Farming Tips

Food grains are generally stored for some time prior to consumption. The nutritional potential of harvested produce should be fully utilized and it is therefore imperative that proper care is taken during storage for better preservation of quality as we preserve for prosperity.
During storage, losses occur due to various factors. A few dos and don’ts are given for guidance during storage (but not limited to):

  • Check warehouses against leakage of rain water and defective drainage.
  • No spilled grain or dust to be kept dumped here or there in warehouses.
  • Proper stacking and adequate alleyways are the pre – requisites of scientific storage.
  • Day to day aeration be given on sunny days to keep the warehouses cool and dry.
  • Warehouse cleaning be done at the beginning or end of each day.
  • First in first out rule be observed.


As indicated above, during storage losses occur due to different factors and I would therefore focus mainly on two (2) factors viz: Insects and moisture content
 

Insects are often responsible for severe losses of the nutritive value in food grains. As a result of their feeding activities, the quality of the grain is lowered, germination is reduced or abnormalities occur during germination.

It should be understood that food grains do not generate or germinate insects. Insects observed in grains will have come from various sources e.g. mode of transport, the floor, walls, roof of the building etc.

It is therefore ideal that inspection be carried out more often on stored products for early detection of infestation and timely control.

It is essential that the moisture content of food grains be known when they are accepted for storage. Quality deterioration during storage virtually depends on the level of moisture in products.
No food grains with moisture content higher than the safe acceptable level must be accepted for storage. If no moisture meter is available and there is reason to think that the produce has moisture content in excess of the safe limit, the produce should not be accepted until it has been tested with a moisture meter.

However, farmers have their own methods of assessing the amount of moisture in grains such as:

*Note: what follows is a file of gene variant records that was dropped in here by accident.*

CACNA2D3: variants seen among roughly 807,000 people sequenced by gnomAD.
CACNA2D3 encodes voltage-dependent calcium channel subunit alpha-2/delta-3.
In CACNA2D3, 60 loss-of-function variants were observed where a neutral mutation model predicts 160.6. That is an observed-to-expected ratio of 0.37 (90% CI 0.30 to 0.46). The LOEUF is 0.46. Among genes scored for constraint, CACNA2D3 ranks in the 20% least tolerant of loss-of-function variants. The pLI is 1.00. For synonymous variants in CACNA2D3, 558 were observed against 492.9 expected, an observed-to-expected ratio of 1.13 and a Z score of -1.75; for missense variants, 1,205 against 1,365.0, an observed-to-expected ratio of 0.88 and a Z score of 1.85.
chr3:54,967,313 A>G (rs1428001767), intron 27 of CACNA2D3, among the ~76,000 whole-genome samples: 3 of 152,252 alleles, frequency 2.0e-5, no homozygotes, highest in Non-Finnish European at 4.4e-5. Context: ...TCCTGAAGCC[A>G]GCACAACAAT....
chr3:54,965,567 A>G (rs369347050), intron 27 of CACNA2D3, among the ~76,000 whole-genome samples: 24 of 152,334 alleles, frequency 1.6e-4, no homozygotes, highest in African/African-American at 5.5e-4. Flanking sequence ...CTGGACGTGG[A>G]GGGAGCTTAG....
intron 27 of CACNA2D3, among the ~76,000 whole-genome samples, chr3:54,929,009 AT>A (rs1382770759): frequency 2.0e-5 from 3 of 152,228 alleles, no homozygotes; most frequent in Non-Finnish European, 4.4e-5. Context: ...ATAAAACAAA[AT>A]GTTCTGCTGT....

• Pressing them with thumb nails
  • Biting them
  • Smelling a handful of them.

It is nevertheless important to keep dried grain as it prevents germination and restricts the growth of bacteria, fungi and development of insects during storage.

 

Seed Co Limited devised the Animal Concept as a simple way to effectively communicate with the market. This came about after we realised that not all our customers could easily remember the product codes that we used. All the other seed companies also used codes and these tended to be confusing to the general populace. As a result, we came up with the animal concept which represents the maturity group of our products rather than the individual product variety.

The animal concept is explained as follows:

Monkey

The monkey represents the early maturing varieties. These are the '4' Series varieties and includes SC 403, and SC 411. These mature very early, are adaptable, drought tolerant and will do well in marginal areas of low potential. They perform well in areas where sorghum is grown. The monkey is a very agile and clever animal which adapts well to its environment. Dynamite comes in small packages.

Zebra

This is a beast of burden. It is hardy and does well in most parts of Africa. It performs well in areas of both low and high potential, has high yields and has good disease tolerance. It is a stable variety. This is the '5' Series and includes SC 513 and SC 506 (Yellow).

Lion

This is a vicious and aggressive animal and represents varieties in the '6' Series. These are medium to late maturing varieties. They do well in medium to high potential areas. They have good disease tolerance and are highly adaptable in their respective areas. These varieties include SC 602 and SC 608 (Yellow).
Elephant: This is the giant of all varieties. It takes long to mature and usually does well in high rainfall areas. Like an elephant, these varieties are tolerant to lodging. They have bulk yields and show good standing. These include SC 701;  SC 719 and SC 727.

Elephant

This is the giant of all varieties. It takes long to mature and usually does well in high rainfall areas. Like an elephant, these varieties are tolerant to lodging. They have bulk yields and show good standing. These include SC 701;  SC 719 and SC 727.

Price Files

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It is essential that the moisture content of food grains be known when they are accepted for...